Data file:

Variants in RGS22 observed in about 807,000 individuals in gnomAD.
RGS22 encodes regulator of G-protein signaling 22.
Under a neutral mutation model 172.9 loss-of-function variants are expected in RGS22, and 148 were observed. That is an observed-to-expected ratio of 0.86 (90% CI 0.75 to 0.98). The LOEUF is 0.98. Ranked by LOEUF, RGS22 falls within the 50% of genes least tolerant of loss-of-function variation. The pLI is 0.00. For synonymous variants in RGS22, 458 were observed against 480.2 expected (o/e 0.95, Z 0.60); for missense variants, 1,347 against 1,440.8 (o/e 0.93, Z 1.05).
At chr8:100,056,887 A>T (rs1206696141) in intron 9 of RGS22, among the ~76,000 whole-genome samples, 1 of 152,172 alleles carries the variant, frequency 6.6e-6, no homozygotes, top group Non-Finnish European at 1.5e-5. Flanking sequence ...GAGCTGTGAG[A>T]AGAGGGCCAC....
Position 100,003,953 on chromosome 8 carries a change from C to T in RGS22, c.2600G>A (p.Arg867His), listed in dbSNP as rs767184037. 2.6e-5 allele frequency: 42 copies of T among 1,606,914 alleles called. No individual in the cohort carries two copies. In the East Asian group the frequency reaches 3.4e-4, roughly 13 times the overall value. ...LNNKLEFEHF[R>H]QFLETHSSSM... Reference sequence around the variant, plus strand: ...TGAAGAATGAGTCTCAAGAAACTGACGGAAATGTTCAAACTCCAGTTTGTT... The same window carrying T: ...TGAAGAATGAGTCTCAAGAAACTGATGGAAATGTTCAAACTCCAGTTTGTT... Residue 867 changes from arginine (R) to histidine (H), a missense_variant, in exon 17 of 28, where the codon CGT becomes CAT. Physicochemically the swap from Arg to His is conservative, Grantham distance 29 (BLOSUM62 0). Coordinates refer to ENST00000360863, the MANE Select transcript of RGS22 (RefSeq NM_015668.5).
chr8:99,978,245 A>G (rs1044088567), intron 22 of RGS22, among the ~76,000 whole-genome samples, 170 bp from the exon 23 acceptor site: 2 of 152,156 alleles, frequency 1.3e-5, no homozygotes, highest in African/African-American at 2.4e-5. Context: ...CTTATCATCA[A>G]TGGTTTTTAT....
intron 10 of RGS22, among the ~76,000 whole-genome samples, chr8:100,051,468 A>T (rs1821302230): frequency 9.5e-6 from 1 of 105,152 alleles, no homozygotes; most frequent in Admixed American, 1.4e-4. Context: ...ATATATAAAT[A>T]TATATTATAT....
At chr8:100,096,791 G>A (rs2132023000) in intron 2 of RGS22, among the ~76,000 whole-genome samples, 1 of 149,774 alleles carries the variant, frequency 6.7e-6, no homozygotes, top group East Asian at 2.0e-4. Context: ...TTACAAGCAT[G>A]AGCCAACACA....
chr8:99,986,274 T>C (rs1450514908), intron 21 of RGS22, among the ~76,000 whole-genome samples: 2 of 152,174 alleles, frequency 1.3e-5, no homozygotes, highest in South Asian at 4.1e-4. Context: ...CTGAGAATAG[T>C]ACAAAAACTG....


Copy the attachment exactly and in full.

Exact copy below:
Variants in RGS22 observed in about 807,000 individuals in gnomAD.
RGS22 encodes regulator of G-protein signaling 22.
Under a neutral mutation model 172.9 loss-of-function variants are expected in RGS22, and 148 were observed. That is an observed-to-expected ratio of 0.86 (90% CI 0.75 to 0.98). The LOEUF is 0.98. Ranked by LOEUF, RGS22 falls within the 50% of genes least tolerant of loss-of-function variation. The pLI is 0.00. For synonymous variants in RGS22, 458 were observed against 480.2 expected (o/e 0.95, Z 0.60); for missense variants, 1,347 against 1,440.8 (o/e 0.93, Z 1.05).
At chr8:100,056,887 A>T (rs1206696141) in intron 9 of RGS22, among the ~76,000 whole-genome samples, 1 of 152,172 alleles carries the variant, frequency 6.6e-6, no homozygotes, top group Non-Finnish European at 1.5e-5. Flanking sequence ...GAGCTGTGAG[A>T]AGAGGGCCAC....
Position 100,003,953 on chromosome 8 carries a change from C to T in RGS22, c.2600G>A (p.Arg867His), listed in dbSNP as rs767184037. 2.6e-5 allele frequency: 42 copies of T among 1,606,914 alleles called. No individual in the cohort carries two copies. In the East Asian group the frequency reaches 3.4e-4, roughly 13 times the overall value. ...LNNKLEFEHF[R>H]QFLETHSSSM... Reference sequence around the variant, plus strand: ...TGAAGAATGAGTCTCAAGAAACTGACGGAAATGTTCAAACTCCAGTTTGTT... The same window carrying T: ...TGAAGAATGAGTCTCAAGAAACTGATGGAAATGTTCAAACTCCAGTTTGTT... Residue 867 changes from arginine (R) to histidine (H), a missense_variant, in exon 17 of 28, where the codon CGT becomes CAT. Physicochemically the swap from Arg to His is conservative, Grantham distance 29 (BLOSUM62 0). Coordinates refer to ENST00000360863, the MANE Select transcript of RGS22 (RefSeq NM_015668.5).
chr8:99,978,245 A>G (rs1044088567), intron 22 of RGS22, among the ~76,000 whole-genome samples, 170 bp from the exon 23 acceptor site: 2 of 152,156 alleles, frequency 1.3e-5, no homozygotes, highest in African/African-American at 2.4e-5. Context: ...CTTATCATCA[A>G]TGGTTTTTAT....
intron 10 of RGS22, among the ~76,000 whole-genome samples, chr8:100,051,468 A>T (rs1821302230): frequency 9.5e-6 from 1 of 105,152 alleles, no homozygotes; most frequent in Admixed American, 1.4e-4. Context: ...ATATATAAAT[A>T]TATATTATAT....
At chr8:100,096,791 G>A (rs2132023000) in intron 2 of RGS22, among the ~76,000 whole-genome samples, 1 of 149,774 alleles carries the variant, frequency 6.7e-6, no homozygotes, top group East Asian at 2.0e-4. Context: ...TTACAAGCAT[G>A]AGCCAACACA....
chr8:99,986,274 T>C (rs1450514908), intron 21 of RGS22, among the ~76,000 whole-genome samples: 2 of 152,174 alleles, frequency 1.3e-5, no homozygotes, highest in South Asian at 4.1e-4. Context: ...CTGAGAATAG[T>C]ACAAAAACTG....